Venture capitalists must embrace crowdfunding: It's where the future lies

 
Simon Cook
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Limited partnerships have led to some of the biggest funding success stories in Silicon Valley and the rest of the world (Source: Getty)

Maybe you’re just not ready for venture capital”, said William H Draper to a potential partner. It was 1959, and the now-legendary VC was trying to persuade a firm to invest in his new fund. Set up as a limited partnership, it was different to any other investment opportunity then on the market.

General William H Draper, the grandfather of our founder Tim Draper, was the former undersecretary of the US Army and the man responsible for the economic reconstruction of Germany and Japan under the Marshall Plan. He was also responsible for establishing the first venture capital firm in Palo Alto, bringing money, as long-time entrepreneur Chong Moon Lee puts it, to the “brash young technologists who were using bits of silicon to create an information revolution as profound as the industrial revolution a century earlier”.

There had been other examples of venture capital before this. In France there was the entrepreneurial bank Credit Mobilier, established in 1852. While in 1946 in Boston, JH Whitney & Co opened their doors with $10m to invest in new business models. But the novelty of Draper’s new fund, Draper, Gaither & Anderson, was how it invented a fundamentally different model of investment. The venture capital fund enables private investors to take an ownership stake in early-stage businesses, providing capital in anticipation of an exit.

The model is important because, left largely unchanged, it has become the norm in the VC world. Limited partnerships place pressure on the fund to show returns within five to 10 years, and they clearly work, for many have raised capital for some of the biggest success stories that have sprung from Silicon Valley, and indeed the rest of the world. The firm at the table with Draper in 1957 did, by the way, sign up to the limited partnership.

Designed for the future

But there is a key problem with this model. The benefits of high-growth companies such as Google or Skype are reaped primarily by private investors with access to large portions of capital. Whereas in the twentieth century, the companies that brought in the most money also employed the most people, the tech firms of today are reversing this trend. In 1962, General Motors, one of the top five companies by market capitalisation, employed more than half a million workers. Today, four of the top five companies (Apple, Google, Exxon and Microsoft) have a combined total of 300,000 employees. The financial benefit of these companies, then, lies primarily with their investors. We need a new way of distributing the wealth that private investors enjoy.

Crowdfunding doesn’t just enable entrepreneurs to raise money from potential customers while enabling them to create new businesses. When managed correctly, it also gives members of the public a chance to reap the rewards of high-growth businesses. Private investors play a critical role, but they need not be the only investors at the table.

It’s no secret that individual startups are a higher risk investment, requiring a portfolio approach. Whereas the crowd is reliant on the platform to mitigate initial risk in advance of a proposition being pitched, VCs mitigate risk through managing their portfolio closely. Good VCs will be magnets for excellent networks of advisers, talent and management experience – they answer the phone at 2am on a Saturday night during the inevitable tough times.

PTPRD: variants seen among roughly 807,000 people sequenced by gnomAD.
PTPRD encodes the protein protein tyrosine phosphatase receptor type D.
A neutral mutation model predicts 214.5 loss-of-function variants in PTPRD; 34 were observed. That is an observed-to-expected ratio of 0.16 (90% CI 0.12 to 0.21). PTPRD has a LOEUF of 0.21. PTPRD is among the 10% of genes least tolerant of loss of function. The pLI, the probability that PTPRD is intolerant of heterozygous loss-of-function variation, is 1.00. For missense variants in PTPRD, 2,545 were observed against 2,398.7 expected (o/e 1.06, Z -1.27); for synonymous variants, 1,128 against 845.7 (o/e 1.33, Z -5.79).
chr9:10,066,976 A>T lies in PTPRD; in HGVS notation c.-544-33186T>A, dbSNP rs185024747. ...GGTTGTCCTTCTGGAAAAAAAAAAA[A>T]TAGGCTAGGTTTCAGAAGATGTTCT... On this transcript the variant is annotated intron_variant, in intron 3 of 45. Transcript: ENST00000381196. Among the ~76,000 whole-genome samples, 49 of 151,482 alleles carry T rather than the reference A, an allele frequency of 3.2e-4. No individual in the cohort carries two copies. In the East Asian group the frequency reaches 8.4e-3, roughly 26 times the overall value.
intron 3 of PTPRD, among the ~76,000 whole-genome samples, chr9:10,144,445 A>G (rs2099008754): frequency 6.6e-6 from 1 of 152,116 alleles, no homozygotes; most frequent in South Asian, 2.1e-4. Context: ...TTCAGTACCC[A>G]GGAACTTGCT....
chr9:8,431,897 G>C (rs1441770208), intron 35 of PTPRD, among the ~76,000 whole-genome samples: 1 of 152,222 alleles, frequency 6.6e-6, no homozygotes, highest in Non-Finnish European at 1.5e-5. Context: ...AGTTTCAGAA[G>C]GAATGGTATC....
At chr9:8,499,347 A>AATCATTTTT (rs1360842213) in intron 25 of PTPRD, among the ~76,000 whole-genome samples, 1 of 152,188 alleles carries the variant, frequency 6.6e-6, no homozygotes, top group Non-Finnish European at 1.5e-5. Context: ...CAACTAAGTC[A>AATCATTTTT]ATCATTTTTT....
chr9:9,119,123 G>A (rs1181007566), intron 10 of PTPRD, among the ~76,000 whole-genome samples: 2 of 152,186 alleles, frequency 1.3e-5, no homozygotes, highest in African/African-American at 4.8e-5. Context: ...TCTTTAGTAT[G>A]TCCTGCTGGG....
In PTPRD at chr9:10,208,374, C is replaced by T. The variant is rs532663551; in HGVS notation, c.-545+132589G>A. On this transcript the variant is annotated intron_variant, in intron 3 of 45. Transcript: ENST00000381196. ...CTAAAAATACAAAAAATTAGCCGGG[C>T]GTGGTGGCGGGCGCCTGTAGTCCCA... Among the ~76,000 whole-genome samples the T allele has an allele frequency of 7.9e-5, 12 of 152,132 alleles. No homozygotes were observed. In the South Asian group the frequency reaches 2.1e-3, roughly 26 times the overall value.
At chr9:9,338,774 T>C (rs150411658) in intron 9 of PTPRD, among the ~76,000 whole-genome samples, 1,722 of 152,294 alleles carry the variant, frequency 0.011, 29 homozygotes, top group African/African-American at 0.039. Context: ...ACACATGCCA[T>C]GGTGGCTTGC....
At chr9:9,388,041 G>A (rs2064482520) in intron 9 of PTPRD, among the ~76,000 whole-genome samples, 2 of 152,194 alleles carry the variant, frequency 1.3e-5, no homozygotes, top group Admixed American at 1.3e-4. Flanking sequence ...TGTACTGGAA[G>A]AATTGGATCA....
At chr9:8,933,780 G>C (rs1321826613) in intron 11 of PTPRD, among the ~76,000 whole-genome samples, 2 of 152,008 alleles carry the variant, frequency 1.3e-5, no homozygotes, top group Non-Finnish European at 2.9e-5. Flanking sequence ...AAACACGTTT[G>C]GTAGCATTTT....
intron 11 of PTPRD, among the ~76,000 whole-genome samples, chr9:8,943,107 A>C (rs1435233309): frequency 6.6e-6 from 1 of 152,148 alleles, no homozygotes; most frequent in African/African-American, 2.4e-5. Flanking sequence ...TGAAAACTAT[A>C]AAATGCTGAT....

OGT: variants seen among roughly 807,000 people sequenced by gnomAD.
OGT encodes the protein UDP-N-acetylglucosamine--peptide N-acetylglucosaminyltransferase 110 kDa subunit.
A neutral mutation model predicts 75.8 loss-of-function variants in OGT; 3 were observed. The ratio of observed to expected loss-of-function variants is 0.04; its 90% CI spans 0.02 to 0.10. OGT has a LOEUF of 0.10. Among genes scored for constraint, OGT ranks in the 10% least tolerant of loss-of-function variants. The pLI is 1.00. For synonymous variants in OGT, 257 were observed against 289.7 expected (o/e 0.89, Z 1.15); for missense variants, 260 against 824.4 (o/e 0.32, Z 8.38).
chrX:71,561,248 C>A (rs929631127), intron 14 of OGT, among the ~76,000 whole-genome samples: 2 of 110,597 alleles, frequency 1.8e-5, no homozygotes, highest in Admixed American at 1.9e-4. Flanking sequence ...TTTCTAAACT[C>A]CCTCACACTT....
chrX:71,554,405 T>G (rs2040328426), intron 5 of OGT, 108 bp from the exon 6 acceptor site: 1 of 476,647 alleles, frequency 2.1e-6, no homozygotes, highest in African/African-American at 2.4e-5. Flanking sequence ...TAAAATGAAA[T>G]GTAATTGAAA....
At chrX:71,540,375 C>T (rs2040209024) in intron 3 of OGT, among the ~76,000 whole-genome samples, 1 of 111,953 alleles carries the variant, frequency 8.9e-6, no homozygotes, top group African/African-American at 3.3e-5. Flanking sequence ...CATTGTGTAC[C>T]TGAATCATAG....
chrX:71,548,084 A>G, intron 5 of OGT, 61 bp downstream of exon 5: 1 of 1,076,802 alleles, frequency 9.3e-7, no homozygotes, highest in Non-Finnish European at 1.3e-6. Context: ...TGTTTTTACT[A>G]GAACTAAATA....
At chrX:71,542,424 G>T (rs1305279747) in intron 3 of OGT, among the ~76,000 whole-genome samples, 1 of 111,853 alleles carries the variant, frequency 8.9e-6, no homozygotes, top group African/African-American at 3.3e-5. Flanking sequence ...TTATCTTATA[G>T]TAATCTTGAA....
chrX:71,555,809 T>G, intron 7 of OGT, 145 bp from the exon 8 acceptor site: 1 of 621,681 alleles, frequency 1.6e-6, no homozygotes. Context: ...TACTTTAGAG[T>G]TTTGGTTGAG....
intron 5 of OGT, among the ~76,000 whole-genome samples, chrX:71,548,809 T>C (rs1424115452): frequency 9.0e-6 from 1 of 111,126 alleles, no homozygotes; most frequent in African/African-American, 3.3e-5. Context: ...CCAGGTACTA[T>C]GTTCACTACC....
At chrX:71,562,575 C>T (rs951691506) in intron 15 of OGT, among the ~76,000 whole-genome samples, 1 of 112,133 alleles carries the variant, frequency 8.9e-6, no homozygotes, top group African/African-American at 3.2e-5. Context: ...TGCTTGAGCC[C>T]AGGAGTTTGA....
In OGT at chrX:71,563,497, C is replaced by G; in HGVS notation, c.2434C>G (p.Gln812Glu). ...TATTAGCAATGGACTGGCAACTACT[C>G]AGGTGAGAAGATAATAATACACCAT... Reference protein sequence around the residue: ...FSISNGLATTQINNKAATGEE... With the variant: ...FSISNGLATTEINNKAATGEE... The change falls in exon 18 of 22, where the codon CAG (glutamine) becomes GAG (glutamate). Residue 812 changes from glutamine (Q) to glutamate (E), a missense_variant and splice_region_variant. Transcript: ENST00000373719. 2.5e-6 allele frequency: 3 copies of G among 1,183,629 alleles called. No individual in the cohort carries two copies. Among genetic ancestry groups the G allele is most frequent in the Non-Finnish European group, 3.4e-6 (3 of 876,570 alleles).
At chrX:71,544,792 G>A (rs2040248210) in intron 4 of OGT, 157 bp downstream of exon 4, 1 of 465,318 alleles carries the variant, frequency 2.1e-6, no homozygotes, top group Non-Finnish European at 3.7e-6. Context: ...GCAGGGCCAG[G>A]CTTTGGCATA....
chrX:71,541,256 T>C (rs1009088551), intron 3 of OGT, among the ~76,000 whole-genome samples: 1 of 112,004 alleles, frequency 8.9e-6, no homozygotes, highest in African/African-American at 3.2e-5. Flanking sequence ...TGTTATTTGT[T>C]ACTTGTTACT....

If you’re a member of the public wanting to invest in a new company, you may not have the level of expertise or global networks that venture funds can offer. That being said, investors using crowdfunding platforms do have a vested interest and frequently become valued mentors or advisory board members. Crowdfunding turns excited investors into powerful advocates, potential customers, and happy beta testers. Combined, VCs and the crowd offer entrepreneurs a potent platform to begin their business.

Getting ahead

This is why VC firms like ours are changing in several critical ways. The first change we’re making is to regularly invest alongside the crowd – we’ve been doing so on platform Seedrs, on the same terms as their investors. This enables those of you investing using platforms to invest in a company which is also being buoyed by the networks, management advice and guidance of a seasoned VC. This is surely a win-win for everyone.

Second, we decided to innovate the venture capital model and publicly list ourselves. It probably sounds oxymoronic, but we did this to open up the VC model further to public investors: anyone can now invest in our portfolio of fast growing companies, from PushDoctor to Perkbox. It also enables us to provide patient capital to entrepreneurs. The typical model of the five plus five-year limited partnership means showing returns quickly. We know that the best global businesses take much longer to build to their maximum potential. Going public ensures our portfolio companies don’t have to until they’re ready.

We are in the early, pioneering stage of crowdfunding and of public, patient capital models. There is risk involved in investing in a new way. But as technology is opening up the way we communicate, the way we connect, the way we learn, so too will it demand we open up the way we invest. We are strong believers that VCs, angels and the crowd can work together to provide the right long-term patient capital for the best entrepreneurs. Together we can empower teams to build global companies that last, and for that benefit to be enjoyed more widely.

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